Tom Thibodeau released a statement on Friday about the coaching staff he and the Knicks have assembled. Often, these statements are insignificant, filled with empty platitudes. But Thibodeau included a word in his statement on Friday that is worth pointing out: development.
The Knicks have lagged in player development for much of the past two decades. If they are going to build a successful organization under team president Leon Rose, that probably needs to change.
The Knicks have spent significant money to add Kentucky assistant Kenny Payne and Utah assistant Johnnie Bryant. Both coaches have a strong track record of player development. Thibodeau’s other assistants – Mike Woodson and Andy Greer – also have a history of player development success.
“With these hires, we have added a wealth of basketball experience and knowledge that will be of great service to our players and our organization,” Thibodeau said in his statement. “We are assembling a hard-working, and well-rounded, coaching staff that will embody everything we want to be about: accountability, development, teaching and a winning culture.”
Again, development is, to me, a key here.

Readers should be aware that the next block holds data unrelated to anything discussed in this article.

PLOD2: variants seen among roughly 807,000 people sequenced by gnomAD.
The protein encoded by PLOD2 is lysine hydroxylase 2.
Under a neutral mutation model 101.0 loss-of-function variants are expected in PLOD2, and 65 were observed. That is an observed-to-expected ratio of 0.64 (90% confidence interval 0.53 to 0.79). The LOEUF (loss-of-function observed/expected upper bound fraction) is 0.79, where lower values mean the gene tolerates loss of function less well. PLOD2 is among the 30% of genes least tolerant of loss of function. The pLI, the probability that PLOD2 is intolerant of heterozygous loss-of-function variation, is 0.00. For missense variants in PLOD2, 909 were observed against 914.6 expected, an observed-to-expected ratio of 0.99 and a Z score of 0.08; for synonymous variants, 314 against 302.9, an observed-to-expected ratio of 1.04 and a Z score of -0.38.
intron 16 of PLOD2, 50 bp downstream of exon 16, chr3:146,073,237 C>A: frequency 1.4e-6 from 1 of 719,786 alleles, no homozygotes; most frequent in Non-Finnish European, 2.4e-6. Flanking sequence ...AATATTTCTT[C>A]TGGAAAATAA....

The Knicks haven’t signed a draft pick to a second contract since Charlie Ward. So they haven’t done an adequate job developing young players on under-market contracts – one of the cornerstones of successful organizations.
Will that change under Thibodeau and his new staff? We’ll find out over the next few seasons. If it does, it will probably be a big factor in New York’s turnaround. If not, the Knicks may be searching yet again for a coaching staff who can develop young players.
The Knicks also added Dice Yoshimoto as an assistant to the head coach, a position similar to the one he held in Minnesota under Thibodeau.
You can find bio info on Bryant, Woodson, Greer and Yoshimoto here.
At one point in July, the Knicks were considering hiring six assistant coaches for Thibodeau. It’s unclear if they still plan to do so. New York is still expected to add a significant number of development coaches to Thibodeau’s staff. Those coaches are in addition to the assistant coaching staff.
The Knicks will also have to find a new Director of Performance. Mubarak Malik, who had been in that position for seven seasons, announced his resignation earlier this week. It’s logical to think that the Knicks would like to fill the position (which entails strength and conditioning for players) before the club’s voluntary mini-camp begins later this month.